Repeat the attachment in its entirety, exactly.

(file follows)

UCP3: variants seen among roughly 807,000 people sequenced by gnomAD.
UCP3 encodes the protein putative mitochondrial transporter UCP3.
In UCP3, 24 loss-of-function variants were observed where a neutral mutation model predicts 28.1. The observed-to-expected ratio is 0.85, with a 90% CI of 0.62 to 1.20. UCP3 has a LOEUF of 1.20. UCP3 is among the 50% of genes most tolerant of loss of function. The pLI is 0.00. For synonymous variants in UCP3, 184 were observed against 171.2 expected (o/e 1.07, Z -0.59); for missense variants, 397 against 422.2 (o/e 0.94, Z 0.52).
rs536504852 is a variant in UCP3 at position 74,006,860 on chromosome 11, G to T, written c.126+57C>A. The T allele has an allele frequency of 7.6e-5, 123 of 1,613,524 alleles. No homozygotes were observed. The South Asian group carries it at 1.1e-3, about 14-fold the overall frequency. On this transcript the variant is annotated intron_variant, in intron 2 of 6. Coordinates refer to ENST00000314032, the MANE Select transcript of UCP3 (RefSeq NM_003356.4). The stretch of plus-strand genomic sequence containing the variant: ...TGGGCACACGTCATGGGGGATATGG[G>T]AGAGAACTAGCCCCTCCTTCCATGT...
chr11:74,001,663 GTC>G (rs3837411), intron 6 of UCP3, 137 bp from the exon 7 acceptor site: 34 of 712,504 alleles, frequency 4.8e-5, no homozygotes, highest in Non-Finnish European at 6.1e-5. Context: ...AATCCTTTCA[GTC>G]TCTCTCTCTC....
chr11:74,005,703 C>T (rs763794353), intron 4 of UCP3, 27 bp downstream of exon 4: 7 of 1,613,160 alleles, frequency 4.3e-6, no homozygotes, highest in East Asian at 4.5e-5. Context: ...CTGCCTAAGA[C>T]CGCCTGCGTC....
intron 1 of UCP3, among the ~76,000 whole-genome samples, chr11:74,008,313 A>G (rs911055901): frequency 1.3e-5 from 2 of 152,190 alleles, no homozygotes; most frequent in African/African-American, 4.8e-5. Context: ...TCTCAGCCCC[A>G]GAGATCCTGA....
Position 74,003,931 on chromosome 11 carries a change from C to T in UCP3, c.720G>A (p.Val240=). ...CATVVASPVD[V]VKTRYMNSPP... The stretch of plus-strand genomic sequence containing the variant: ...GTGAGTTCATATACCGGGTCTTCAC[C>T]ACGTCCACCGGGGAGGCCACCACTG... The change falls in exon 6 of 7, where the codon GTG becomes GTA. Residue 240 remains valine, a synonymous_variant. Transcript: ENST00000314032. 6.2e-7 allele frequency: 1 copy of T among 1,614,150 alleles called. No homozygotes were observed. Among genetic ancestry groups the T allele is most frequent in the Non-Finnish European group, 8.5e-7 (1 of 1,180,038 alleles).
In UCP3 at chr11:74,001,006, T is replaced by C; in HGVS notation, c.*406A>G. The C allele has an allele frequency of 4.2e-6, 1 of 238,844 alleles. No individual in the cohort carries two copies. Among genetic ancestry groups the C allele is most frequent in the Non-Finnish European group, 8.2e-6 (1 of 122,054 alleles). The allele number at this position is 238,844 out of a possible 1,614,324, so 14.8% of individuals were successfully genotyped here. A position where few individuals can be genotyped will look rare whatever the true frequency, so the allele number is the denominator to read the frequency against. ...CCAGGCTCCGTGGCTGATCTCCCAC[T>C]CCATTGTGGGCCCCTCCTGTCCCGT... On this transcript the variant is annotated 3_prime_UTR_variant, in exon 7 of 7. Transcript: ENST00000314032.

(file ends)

UCP3: variants seen among roughly 807,000 people sequenced by gnomAD.
UCP3 encodes the protein putative mitochondrial transporter UCP3.
In UCP3, 24 loss-of-function variants were observed where a neutral mutation model predicts 28.1. The observed-to-expected ratio is 0.85, with a 90% CI of 0.62 to 1.20. UCP3 has a LOEUF of 1.20. UCP3 is among the 50% of genes most tolerant of loss of function. The pLI is 0.00. For synonymous variants in UCP3, 184 were observed against 171.2 expected (o/e 1.07, Z -0.59); for missense variants, 397 against 422.2 (o/e 0.94, Z 0.52).
rs536504852 is a variant in UCP3 at position 74,006,860 on chromosome 11, G to T, written c.126+57C>A. The T allele has an allele frequency of 7.6e-5, 123 of 1,613,524 alleles. No homozygotes were observed. The South Asian group carries it at 1.1e-3, about 14-fold the overall frequency. On this transcript the variant is annotated intron_variant, in intron 2 of 6. Coordinates refer to ENST00000314032, the MANE Select transcript of UCP3 (RefSeq NM_003356.4). The stretch of plus-strand genomic sequence containing the variant: ...TGGGCACACGTCATGGGGGATATGG[G>T]AGAGAACTAGCCCCTCCTTCCATGT...
chr11:74,001,663 GTC>G (rs3837411), intron 6 of UCP3, 137 bp from the exon 7 acceptor site: 34 of 712,504 alleles, frequency 4.8e-5, no homozygotes, highest in Non-Finnish European at 6.1e-5. Context: ...AATCCTTTCA[GTC>G]TCTCTCTCTC....
chr11:74,005,703 C>T (rs763794353), intron 4 of UCP3, 27 bp downstream of exon 4: 7 of 1,613,160 alleles, frequency 4.3e-6, no homozygotes, highest in East Asian at 4.5e-5. Context: ...CTGCCTAAGA[C>T]CGCCTGCGTC....
intron 1 of UCP3, among the ~76,000 whole-genome samples, chr11:74,008,313 A>G (rs911055901): frequency 1.3e-5 from 2 of 152,190 alleles, no homozygotes; most frequent in African/African-American, 4.8e-5. Context: ...TCTCAGCCCC[A>G]GAGATCCTGA....
Position 74,003,931 on chromosome 11 carries a change from C to T in UCP3, c.720G>A (p.Val240=). ...CATVVASPVD[V]VKTRYMNSPP... The stretch of plus-strand genomic sequence containing the variant: ...GTGAGTTCATATACCGGGTCTTCAC[C>T]ACGTCCACCGGGGAGGCCACCACTG... The change falls in exon 6 of 7, where the codon GTG becomes GTA. Residue 240 remains valine, a synonymous_variant. Transcript: ENST00000314032. 6.2e-7 allele frequency: 1 copy of T among 1,614,150 alleles called. No homozygotes were observed. Among genetic ancestry groups the T allele is most frequent in the Non-Finnish European group, 8.5e-7 (1 of 1,180,038 alleles).
In UCP3 at chr11:74,001,006, T is replaced by C; in HGVS notation, c.*406A>G. The C allele has an allele frequency of 4.2e-6, 1 of 238,844 alleles. No individual in the cohort carries two copies. Among genetic ancestry groups the C allele is most frequent in the Non-Finnish European group, 8.2e-6 (1 of 122,054 alleles). The allele number at this position is 238,844 out of a possible 1,614,324, so 14.8% of individuals were successfully genotyped here. A position where few individuals can be genotyped will look rare whatever the true frequency, so the allele number is the denominator to read the frequency against. ...CCAGGCTCCGTGGCTGATCTCCCAC[T>C]CCATTGTGGGCCCCTCCTGTCCCGT... On this transcript the variant is annotated 3_prime_UTR_variant, in exon 7 of 7. Transcript: ENST00000314032.